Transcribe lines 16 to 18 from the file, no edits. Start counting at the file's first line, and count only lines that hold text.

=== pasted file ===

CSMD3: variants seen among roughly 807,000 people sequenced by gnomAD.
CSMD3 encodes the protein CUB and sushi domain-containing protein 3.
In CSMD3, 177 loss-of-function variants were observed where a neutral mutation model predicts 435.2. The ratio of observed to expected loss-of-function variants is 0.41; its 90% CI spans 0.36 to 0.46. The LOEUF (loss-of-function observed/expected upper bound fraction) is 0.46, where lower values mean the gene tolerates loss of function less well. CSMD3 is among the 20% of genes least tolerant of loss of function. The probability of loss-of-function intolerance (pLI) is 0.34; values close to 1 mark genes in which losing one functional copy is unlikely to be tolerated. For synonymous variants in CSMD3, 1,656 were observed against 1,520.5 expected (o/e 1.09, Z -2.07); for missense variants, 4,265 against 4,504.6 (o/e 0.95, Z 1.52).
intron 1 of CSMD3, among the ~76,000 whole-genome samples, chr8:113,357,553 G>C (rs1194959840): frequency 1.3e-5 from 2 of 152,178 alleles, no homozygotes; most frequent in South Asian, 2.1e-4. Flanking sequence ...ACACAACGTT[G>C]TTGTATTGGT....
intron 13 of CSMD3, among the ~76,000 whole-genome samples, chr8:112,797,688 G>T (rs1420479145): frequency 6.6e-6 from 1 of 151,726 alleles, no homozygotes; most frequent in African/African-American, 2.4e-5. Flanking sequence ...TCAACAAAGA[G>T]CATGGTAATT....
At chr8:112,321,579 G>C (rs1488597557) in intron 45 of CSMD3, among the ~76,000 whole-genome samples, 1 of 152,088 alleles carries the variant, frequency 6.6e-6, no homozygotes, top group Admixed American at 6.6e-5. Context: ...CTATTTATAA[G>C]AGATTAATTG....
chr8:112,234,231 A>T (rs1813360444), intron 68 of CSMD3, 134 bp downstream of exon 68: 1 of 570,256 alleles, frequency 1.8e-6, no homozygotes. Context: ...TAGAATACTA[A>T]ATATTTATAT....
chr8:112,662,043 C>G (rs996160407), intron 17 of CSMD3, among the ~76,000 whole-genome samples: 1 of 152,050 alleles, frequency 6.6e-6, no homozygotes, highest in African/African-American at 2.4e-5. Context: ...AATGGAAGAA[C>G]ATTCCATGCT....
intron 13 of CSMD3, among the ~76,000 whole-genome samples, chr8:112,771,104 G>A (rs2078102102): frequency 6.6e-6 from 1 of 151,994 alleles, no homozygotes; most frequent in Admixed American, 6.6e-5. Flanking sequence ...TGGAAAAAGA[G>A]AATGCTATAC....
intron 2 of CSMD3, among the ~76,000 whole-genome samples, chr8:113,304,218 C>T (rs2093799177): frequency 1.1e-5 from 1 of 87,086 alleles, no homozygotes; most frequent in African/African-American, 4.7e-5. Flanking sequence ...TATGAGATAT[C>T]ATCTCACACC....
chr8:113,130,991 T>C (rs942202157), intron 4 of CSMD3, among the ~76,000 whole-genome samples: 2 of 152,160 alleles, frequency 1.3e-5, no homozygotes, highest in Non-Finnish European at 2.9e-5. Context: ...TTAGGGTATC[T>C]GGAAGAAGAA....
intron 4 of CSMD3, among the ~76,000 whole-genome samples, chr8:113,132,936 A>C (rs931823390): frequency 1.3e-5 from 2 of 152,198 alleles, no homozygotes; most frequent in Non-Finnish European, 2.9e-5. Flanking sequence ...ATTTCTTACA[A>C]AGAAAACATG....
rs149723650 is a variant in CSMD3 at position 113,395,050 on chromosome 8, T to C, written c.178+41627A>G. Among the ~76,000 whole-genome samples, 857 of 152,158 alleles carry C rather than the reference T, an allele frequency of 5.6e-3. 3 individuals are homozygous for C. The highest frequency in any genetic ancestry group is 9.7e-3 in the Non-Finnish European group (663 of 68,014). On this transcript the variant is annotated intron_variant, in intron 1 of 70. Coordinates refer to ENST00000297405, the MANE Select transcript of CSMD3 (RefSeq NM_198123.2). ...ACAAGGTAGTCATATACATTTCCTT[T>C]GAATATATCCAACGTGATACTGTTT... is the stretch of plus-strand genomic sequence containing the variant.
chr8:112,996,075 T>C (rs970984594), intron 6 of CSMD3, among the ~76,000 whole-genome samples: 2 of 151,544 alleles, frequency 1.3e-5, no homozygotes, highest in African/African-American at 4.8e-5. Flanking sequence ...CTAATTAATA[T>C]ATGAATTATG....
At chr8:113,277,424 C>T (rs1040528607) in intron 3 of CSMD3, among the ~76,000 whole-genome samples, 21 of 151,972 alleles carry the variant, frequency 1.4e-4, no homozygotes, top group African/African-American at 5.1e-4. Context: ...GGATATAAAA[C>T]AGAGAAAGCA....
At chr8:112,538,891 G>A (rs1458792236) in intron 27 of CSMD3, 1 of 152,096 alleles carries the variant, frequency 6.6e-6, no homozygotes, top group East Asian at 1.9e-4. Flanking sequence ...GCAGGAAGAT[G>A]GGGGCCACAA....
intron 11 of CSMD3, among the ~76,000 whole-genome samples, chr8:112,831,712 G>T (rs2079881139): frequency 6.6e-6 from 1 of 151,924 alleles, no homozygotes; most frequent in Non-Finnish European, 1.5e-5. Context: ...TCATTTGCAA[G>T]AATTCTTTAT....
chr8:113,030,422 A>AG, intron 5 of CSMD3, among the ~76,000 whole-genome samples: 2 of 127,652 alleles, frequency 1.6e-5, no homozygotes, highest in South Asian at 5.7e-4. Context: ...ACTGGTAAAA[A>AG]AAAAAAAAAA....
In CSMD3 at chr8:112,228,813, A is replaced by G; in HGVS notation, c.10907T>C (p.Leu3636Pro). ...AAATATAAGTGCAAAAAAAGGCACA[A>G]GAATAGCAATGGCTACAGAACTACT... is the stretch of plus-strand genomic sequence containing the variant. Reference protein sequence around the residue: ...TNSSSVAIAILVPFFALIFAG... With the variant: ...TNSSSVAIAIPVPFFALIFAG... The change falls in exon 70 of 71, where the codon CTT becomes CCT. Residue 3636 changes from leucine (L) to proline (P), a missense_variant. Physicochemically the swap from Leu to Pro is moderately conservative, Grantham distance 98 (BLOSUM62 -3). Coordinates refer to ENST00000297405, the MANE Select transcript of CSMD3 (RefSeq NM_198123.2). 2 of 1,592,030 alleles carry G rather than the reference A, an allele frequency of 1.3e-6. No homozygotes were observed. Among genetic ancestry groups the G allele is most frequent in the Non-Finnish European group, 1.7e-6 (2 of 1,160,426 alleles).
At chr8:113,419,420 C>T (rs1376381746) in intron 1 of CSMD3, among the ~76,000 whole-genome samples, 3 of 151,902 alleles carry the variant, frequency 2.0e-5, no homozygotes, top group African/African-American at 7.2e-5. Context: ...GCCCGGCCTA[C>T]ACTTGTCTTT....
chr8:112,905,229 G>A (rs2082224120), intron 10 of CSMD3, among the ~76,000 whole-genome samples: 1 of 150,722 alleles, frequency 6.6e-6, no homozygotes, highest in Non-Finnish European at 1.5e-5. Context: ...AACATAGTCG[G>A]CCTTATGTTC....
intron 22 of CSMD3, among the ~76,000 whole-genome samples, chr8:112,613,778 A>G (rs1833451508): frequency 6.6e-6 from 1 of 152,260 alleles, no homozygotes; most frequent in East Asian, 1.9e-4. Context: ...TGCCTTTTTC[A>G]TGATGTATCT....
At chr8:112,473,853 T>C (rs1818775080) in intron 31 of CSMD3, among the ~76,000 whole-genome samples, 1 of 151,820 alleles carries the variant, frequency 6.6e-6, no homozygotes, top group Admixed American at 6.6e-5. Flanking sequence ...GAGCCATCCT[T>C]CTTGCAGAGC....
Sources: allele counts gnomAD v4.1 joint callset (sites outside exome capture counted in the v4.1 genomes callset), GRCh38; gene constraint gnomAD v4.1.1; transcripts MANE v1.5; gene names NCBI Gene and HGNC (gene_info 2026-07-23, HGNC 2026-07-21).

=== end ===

At chr8:112,538,891 G>A (rs1458792236) in intron 27 of CSMD3, 1 of 152,096 alleles carries the variant, frequency 6.6e-6, no homozygotes, top group East Asian at 1.9e-4. Flanking sequence ...GCAGGAAGAT[G>A]GGGGCCACAA....
intron 11 of CSMD3, among the ~76,000 whole-genome samples, chr8:112,831,712 G>T (rs2079881139): frequency 6.6e-6 from 1 of 151,924 alleles, no homozygotes; most frequent in Non-Finnish European, 1.5e-5. Context: ...TCATTTGCAA[G>T]AATTCTTTAT....
chr8:113,030,422 A>AG, intron 5 of CSMD3, among the ~76,000 whole-genome samples: 2 of 127,652 alleles, frequency 1.6e-5, no homozygotes, highest in South Asian at 5.7e-4. Context: ...ACTGGTAAAA[A>AG]AAAAAAAAAA....